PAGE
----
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What’s the point?


Ever wonder why you bother to get out of bed in the morning? You'd better have a reason...

In 1996, astronomers at NASA decided to try an experiment using the Hubble Space Telescope.  They chose a patch of the night sky that appeared to be “empty” and focused the telescope on that patch for ten days.  It wasn’t a very big patch of sky – roughly the size of a ten pence coin when viewed from 75 feet away – but what it revealed was astonishing.  Within that patch of sky, Hubble photographed approximately 1,500 galaxies.  Yes, you read that correctly: galaxies.

Our galaxy, which is thought to be average, as these things go, contains approximately 200 billion stars.  When you think of 1,500 galaxies each containing an average of 200 billion stars, the numbers start to add up.  Astronomers calculate that, as the universe is uniform, that tiny, “empty” patch of sky is representative of every other patch of sky in every other direction.  Space, as Douglas Adams wrote, is big.  Really big.

The duration of our lives, the years we spend growing up, on projects, on learning, on building a home and a family for ourselves, doesn’t even register on the cosmic scale.  The nearest galaxy to us is the Canis Major Dwarf Galaxy (just a tiny one – only a billion stars) and light from that takes 25,000 years to reach Earth.  The light we see now left Canis when pre-civilisation, primitive mankind still shivered in caves in the grip of an ice age.  In the face of this incomprehensible scale, our actions are meaningless: nothing we do or say can have even the slightest impact on the universe.  So why bother doing what you do?  Why struggle and strive; suffer pain and heartache and sacrifice and the occasional, fleeting, joy or happiness?  Why do you even bother to get out of bed in the morning?  What is the point?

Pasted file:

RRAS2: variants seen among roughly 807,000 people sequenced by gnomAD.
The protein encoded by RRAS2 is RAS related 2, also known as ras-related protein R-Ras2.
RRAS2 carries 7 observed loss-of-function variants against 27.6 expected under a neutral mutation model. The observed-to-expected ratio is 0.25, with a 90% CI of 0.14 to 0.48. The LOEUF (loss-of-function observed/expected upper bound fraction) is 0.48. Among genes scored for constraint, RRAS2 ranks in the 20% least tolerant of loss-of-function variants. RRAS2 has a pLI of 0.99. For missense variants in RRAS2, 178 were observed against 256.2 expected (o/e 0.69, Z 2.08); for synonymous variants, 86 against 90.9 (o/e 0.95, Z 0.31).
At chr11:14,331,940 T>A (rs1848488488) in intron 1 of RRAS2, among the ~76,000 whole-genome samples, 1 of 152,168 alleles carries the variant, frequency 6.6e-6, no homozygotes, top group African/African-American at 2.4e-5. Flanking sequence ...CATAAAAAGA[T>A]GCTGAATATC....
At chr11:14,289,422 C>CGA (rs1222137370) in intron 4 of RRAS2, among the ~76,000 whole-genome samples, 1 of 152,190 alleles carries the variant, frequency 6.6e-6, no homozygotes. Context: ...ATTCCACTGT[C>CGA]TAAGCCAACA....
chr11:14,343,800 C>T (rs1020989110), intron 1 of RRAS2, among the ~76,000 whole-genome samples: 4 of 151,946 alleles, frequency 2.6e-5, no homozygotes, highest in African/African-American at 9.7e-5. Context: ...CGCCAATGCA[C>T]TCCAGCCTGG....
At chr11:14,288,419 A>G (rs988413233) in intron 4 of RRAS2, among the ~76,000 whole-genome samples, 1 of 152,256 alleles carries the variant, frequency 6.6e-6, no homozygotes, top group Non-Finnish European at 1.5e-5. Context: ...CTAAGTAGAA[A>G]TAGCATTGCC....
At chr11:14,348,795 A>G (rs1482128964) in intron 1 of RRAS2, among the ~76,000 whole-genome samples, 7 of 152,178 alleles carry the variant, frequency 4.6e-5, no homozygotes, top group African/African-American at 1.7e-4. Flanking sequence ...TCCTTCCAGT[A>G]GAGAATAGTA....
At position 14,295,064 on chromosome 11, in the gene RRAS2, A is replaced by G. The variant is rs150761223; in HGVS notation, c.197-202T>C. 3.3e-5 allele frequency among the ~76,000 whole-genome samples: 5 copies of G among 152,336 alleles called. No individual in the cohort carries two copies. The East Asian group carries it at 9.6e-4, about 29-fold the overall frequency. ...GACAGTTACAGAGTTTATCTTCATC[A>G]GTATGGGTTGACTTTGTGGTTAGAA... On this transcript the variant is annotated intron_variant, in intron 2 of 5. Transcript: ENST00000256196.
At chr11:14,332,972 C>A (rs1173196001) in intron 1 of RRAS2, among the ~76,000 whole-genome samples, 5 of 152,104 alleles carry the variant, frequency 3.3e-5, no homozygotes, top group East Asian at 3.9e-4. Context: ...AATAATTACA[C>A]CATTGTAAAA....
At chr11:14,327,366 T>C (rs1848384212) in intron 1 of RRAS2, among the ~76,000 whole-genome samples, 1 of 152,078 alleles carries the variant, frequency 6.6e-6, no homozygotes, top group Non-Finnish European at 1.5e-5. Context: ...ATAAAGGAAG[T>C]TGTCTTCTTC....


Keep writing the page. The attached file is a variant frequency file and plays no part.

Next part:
Before you think that I’ve become completely nihilistic, the point I’m making is that we all need a point.  And as the universe clearly doesn’t provide one, we have to create one for ourselves.  We have to create meaning and purpose in what we do – otherwise, we lose touch with it and simply give up.  For some people, it will come from an organised religion; for others, their children; for others, music.  It’s intensely personal and it is essential to living.  Many years ago, I was a Samaritan; I heard plenty of people tell me that their life had no meaning or purpose but nobody was ever happy about it.  Having no meaning or purpose – to anything we do, large or small – robs us of any reason to do it.

It’s an obvious point but so often overlooked.  It applies at the macro level of our lives and it applies at the micro level of every task we do at work.  If there is no meaning and purpose to the job we do – or the job we ask others to do – then we have to seriously question ourselves on what the consequences of that are.  Our lives do matter: the work we do, the actions we take, the time we spend all matter.  But we have to make them matter.

So you tell me: what’s the point?

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